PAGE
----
Activists have an Ambivalent Relationship towards Civil Rights
A cause for concern appears to the ambivalent relationship that activists in Islamic associations and organizations have towards civil rights. On one hand civil rights for promoting one’s own points of view seem to be desirable, for example when it comes to the demand to promote one’s own religion as the one true religion in courses of religious education in school. On the other hand, this same right would be denied to certain orientations in Islam or is seen in the case of wanting to limit marriage with non- Muslim to at most sons and never, however, to daughters. According to the study, there are some calls made for special rights such as legal protection of Islamic holidays and the use of Islamic law among members of the Islamic community all the way up to the creation of a parallel legal community by the host society as a debt to be discharged for integration.
The Process of Radicalization is multi-layered and subtle
On the basis of four individual biographical reports, the study concludes with possible factors for the process of radicalization. The catalyst is often a type of “experience of awakening” that can occur during a time where there is a lack of orientation and a strong sense of uncertainty. This can lead to a (re)turn to a complete and rigid exercise of “true Islam.” The presence of a mosque and a learning environment can contribute to intensifying the situation, if the sharia is preached in a way that distances itself and places itself above Western values. Those to whom this applies distance themselves increasingly from Western society and also increasingly accept violence as a means to defend their religion or their honor as well as a way to limit civil rights (e.g., over against women in one’s own family). In some cases what used to be only a personal belief with a tendency towards rules and regulations combines with more distancing from democracy and a marked association with authority under rigid religious leaders who also call for the political implementation of Islam. The authors of the study conclude that dialogue should be conducted openly but not in a manner that sees various approaches as being equally valid:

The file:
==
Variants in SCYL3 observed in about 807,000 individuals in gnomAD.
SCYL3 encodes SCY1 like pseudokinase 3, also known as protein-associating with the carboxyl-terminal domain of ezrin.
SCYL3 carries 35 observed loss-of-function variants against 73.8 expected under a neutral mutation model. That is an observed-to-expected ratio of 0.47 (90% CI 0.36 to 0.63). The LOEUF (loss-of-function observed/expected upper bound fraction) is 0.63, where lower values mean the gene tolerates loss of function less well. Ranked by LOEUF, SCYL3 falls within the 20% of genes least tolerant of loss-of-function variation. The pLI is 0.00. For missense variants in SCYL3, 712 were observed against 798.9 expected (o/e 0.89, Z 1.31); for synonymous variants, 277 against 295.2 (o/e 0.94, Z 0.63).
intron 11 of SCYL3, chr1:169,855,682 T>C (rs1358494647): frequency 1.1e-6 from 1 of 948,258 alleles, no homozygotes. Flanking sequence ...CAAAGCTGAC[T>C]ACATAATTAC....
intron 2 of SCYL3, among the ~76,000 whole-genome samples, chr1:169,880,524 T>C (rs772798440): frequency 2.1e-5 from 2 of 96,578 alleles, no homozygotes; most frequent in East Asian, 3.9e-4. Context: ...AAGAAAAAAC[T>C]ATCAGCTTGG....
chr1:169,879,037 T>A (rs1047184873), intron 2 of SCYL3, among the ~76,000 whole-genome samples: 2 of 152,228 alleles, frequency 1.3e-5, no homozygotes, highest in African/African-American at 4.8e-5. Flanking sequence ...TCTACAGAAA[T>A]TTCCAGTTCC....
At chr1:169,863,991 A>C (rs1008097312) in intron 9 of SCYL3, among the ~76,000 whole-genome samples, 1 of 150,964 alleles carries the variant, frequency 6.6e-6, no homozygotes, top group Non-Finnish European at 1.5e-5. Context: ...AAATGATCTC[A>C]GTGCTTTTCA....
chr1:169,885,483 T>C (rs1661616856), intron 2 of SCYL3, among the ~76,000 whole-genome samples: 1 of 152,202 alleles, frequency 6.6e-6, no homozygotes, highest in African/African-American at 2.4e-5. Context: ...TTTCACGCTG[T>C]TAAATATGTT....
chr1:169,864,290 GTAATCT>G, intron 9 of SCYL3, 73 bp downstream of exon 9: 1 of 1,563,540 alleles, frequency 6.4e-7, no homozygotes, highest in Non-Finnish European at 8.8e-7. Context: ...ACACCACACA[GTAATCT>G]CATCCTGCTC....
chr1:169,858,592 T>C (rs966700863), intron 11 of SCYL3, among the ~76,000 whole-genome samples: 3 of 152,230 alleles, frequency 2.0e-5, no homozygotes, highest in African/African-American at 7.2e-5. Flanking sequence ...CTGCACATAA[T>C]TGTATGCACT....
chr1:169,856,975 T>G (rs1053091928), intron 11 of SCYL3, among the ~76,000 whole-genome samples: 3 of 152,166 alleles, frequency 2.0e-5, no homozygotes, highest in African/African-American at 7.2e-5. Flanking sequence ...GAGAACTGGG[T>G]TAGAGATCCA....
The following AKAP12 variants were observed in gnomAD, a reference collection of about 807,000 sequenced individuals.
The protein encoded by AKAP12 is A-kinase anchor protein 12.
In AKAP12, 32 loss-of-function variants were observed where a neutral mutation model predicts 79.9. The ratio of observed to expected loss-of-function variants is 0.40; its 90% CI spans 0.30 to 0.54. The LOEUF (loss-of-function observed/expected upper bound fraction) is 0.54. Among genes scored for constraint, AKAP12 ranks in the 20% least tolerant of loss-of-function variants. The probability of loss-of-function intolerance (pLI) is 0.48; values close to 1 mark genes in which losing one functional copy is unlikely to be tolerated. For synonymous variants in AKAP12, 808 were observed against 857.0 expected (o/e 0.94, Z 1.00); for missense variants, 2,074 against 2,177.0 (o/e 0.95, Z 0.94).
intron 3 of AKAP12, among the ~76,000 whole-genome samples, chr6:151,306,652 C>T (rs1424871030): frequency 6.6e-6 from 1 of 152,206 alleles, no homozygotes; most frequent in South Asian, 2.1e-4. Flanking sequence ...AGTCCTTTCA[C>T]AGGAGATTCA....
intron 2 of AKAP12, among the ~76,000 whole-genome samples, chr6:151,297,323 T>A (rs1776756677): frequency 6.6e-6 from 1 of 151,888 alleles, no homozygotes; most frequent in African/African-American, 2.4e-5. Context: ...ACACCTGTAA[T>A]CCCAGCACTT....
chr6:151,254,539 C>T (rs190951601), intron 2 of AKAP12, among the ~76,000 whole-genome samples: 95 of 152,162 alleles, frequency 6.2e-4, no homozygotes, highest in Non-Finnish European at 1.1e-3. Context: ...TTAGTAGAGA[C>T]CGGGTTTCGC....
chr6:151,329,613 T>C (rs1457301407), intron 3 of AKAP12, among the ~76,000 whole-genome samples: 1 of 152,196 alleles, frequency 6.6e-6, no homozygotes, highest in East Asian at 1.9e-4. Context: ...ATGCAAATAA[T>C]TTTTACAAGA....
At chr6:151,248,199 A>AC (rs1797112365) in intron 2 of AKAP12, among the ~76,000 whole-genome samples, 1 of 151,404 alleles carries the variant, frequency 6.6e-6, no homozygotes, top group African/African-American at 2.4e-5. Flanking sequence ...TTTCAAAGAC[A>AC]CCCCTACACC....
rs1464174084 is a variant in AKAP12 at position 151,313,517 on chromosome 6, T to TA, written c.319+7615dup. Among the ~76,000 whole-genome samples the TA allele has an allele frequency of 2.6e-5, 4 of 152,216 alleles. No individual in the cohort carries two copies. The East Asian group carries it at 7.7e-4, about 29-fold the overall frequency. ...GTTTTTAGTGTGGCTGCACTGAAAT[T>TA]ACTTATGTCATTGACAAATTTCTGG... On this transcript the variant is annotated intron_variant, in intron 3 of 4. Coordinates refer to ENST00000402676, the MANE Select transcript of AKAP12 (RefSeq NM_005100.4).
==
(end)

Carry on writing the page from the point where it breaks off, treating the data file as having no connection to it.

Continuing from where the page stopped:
“It indicates additionally that the search for meaning and the grappling for values require dialog and credible counterparts who can ensure that Islam is not ostracized, that there is no attitude of indifference towards Islam, and who themselves can be strong partners in dialog by standing upon their own firm foundation” (S.501).
– – –
Karin Brettfeld and Peter Wetzels, Muslims in Germany, Hamburg 2007, can be downloaded or ordered from the following site:
This release may be copied without restriction, either in whole or in part. – Specimen copies are requested.